The Anatomy of a Banking Crisis
Since real estate has become such an important part of these secular trends, these quarterly updates always have a real estate bias, and this report will be no different.
In this update, we’ll look at how real estate, both residential and commercial, has transitioned from a stable asset to a speculative asset and how that has destabilized the US banking system.
A rapid increase in debt accompanied rapid price appreciation in US real estate over the last 30 years. The combination of price appreciation and debt accumulation is one of the core elements of any debt/banking crisis.
In the book “Manias, Panics, and Crashes”, Charles Kindleberger expanded on ideas put forward by Hyman Minsky and outlined the anatomy of a crisis. Going back over two hundred years, all of the banking crises followed a pattern of shock > overtrading > revulsion > discredit.
Some of the dynamics in US real estate today fit the anatomy of a crisis.
Troubled assets and bank insolvencies will lead to another fork in the road, and the question is whether the country will increase its debt to bail out bad banks and questionable real estate investments, thereby suffering worse economic conditions over the long term.
Alternatively, we can choose to accept a period of deleveraging for a better and more prosperous economy in the long term.
From 1890 to 1990, a one-hundred-year period of American history, real home prices increased by 0.2% per year.
For most of modern American history, home prices perfectly kept up with inflation, most likely due to the land value.
Starting in the early 1990s, real estate prices exploded and transitioned from a stable asset to a speculative asset.
Transition From Stability to Speculation
From 1997 to today, real home prices have exploded, rising an average of 2.4% per year, while real GDP growth has declined by 30%, averaging just 2.3%.
From 1997 to 2006, real home prices increased by 75%. This rapid home price growth period was accompanied by a rapid increase in debt for households and large financial institutions, ultimately leading to the largest decline in residential home prices since the Great Depression.
After the pandemic hit in early 2020, real home prices increased nearly 30% in 24 months.
Real home prices have declined roughly 7% from their 2022 peak, which is on par with past recessions and substantial once you consider there has yet to be a significant disruption in the labor market.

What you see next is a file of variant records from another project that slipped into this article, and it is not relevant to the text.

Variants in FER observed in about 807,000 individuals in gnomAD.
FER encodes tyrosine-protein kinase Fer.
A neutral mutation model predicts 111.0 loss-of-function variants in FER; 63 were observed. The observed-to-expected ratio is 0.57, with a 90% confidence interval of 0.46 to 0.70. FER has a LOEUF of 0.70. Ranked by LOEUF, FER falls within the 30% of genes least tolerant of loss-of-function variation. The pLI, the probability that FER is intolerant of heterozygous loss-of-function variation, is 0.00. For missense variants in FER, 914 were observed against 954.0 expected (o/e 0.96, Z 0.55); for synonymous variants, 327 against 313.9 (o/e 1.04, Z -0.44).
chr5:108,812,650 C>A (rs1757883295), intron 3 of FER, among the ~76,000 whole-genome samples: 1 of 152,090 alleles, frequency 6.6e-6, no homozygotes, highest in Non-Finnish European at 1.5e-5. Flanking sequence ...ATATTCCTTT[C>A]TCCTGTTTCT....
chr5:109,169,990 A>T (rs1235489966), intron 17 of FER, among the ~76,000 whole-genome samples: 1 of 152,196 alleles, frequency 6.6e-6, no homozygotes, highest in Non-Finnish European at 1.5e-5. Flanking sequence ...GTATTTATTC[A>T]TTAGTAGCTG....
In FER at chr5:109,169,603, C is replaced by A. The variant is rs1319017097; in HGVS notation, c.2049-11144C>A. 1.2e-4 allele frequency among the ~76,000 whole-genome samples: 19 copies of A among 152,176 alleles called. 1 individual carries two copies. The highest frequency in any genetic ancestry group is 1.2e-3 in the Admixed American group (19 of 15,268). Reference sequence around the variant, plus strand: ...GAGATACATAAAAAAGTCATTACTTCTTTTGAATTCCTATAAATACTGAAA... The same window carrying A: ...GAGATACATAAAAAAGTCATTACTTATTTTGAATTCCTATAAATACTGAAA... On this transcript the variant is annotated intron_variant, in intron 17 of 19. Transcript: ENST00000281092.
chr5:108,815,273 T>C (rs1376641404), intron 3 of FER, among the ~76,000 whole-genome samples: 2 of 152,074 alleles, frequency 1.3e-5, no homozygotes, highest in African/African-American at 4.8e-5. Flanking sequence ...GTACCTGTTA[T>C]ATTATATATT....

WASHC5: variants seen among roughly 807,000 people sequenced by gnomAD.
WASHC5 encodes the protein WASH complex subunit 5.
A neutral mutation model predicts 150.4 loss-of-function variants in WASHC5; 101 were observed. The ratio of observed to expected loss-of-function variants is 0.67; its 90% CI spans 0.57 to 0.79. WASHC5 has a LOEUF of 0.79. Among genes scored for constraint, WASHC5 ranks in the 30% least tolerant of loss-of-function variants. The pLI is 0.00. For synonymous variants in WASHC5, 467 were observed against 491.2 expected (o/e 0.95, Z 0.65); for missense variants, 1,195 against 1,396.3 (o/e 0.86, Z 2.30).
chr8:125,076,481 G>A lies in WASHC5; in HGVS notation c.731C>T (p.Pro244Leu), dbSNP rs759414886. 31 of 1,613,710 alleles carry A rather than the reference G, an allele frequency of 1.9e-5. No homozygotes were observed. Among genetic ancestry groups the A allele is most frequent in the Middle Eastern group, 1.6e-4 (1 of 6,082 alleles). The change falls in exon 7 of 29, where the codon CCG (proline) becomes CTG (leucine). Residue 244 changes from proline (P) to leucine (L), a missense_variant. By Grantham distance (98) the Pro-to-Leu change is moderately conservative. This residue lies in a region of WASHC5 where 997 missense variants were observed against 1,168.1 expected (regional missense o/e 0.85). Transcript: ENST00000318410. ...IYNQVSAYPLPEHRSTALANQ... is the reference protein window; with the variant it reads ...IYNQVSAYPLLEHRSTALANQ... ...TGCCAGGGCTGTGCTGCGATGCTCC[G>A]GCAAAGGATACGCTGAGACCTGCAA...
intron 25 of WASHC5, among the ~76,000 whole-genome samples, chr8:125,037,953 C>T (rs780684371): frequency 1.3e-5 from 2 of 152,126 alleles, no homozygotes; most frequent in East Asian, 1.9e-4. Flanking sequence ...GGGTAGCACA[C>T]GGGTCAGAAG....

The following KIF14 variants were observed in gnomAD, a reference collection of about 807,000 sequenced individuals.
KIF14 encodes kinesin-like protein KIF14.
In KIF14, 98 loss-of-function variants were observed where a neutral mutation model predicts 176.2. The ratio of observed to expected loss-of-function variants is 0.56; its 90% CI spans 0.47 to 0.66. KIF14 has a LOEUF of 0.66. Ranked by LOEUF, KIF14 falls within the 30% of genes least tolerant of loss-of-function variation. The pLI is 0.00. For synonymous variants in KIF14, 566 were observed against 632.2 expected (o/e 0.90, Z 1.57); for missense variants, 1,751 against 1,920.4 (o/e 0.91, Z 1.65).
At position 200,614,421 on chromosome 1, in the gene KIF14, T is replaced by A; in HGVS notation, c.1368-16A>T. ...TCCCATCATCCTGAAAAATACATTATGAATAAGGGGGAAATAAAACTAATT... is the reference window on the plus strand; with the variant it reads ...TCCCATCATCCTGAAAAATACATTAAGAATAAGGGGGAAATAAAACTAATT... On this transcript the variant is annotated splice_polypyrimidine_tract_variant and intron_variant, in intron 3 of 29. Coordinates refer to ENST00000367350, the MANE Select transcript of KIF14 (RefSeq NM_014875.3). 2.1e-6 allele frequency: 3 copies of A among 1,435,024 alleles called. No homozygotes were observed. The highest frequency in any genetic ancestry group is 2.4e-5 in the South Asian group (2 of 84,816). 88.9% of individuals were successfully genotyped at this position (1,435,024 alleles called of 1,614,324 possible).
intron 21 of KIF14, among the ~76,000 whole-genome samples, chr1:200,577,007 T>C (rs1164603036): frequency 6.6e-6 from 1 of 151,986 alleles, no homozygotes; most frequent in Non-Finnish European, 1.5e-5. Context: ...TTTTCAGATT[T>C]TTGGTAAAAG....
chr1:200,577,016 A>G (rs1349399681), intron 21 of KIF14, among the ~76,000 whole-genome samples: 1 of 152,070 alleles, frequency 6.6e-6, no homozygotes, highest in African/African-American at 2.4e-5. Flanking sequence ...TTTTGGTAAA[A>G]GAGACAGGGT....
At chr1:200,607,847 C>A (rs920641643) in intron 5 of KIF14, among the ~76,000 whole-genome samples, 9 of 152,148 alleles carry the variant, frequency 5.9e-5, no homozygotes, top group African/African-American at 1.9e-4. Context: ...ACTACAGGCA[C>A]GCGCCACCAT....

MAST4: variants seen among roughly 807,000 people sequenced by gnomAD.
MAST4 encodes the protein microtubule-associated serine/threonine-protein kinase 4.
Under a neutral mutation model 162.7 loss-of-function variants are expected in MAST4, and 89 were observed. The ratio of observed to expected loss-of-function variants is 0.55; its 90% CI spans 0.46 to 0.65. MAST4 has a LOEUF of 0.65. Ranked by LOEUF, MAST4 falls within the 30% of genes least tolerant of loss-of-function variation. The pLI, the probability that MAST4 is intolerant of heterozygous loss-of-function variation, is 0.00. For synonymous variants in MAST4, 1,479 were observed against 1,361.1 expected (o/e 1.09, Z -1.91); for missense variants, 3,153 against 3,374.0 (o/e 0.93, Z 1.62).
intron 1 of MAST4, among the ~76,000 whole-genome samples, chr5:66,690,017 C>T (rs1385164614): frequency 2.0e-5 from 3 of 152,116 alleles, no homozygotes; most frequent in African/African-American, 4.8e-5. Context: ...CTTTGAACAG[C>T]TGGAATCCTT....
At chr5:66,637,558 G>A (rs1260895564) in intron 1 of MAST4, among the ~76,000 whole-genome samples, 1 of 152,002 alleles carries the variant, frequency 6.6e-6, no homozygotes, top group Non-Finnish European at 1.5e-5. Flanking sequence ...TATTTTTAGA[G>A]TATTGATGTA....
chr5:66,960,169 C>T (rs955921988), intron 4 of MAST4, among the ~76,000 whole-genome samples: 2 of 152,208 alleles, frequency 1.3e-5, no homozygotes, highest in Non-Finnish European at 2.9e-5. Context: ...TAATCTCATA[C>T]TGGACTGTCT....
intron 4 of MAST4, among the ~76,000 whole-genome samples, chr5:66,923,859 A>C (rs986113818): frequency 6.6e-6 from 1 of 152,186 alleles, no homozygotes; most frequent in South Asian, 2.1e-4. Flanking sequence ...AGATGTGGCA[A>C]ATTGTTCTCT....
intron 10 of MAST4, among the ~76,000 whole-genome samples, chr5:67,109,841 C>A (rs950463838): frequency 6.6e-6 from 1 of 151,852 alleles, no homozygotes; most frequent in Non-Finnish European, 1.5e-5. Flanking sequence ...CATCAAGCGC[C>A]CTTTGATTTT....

The rapid price appreciation in the residential market is a cause for concern, but the more significant pressure for the economy and the banking sector is developing in the commercial sector.
In the mid-2000s, real commercial real estate prices increased by 60% before collapsing and reversing all the real gains.
Interestingly, real commercial real estate prices flattened out before the COVID crisis as struggling sectors like malls and retail space suffered.
Prices started to decline sharply during the COVID recession, but as a result of the bailouts and government relief, prices surged back to new all-time highs.
Price Appreciation + Debt Accumulation
The problem with the commercial sector, more so than the residential sector, is the rapid increase in debt. Rapid increases in prices and rapid expansions in debt form the anatomy of a crisis.
Most often, multi-family residential apartments are considered commercial real estate – but the debt statistics treat them separately. The level of debt in the multi-family residential sector has exploded over the last 30 years, rising from 3% of GDP to almost 8% of GDP.
If we focus on commercial, which includes multi-family apartments, we have a situation where there was rapid price appreciation, accompanied by rapid increases in debt and now large and precipitous price declines.
I like to use real prices or inflation-adjusted prices when comparing declines in real estate across time, but if we look at the raw data from Green Street Advisors, we can see that all properties are down 15% in nominal terms, with office buildings down 25% from the most recent peak. Interestingly, apartments, an area with rapid debt accumulation, is down 21% from the peak, the second most after office.
If we follow the Kindleberger blueprint, a debt crisis should follow a pattern of shock > overtrading > revulsion > discredit.
Minsky said that a shock, displacement, or innovation is the origin of any crisis. The shock should be sufficiently large that it increases the profit opportunities of at least one specific sector.
If a shock is combined with an increase in the supply of credit, a boom is fueled. It’s clear the stimulus efforts of 2020 rapidly increased the supply of credit and easy money while a massive disruption impacted the real economy.
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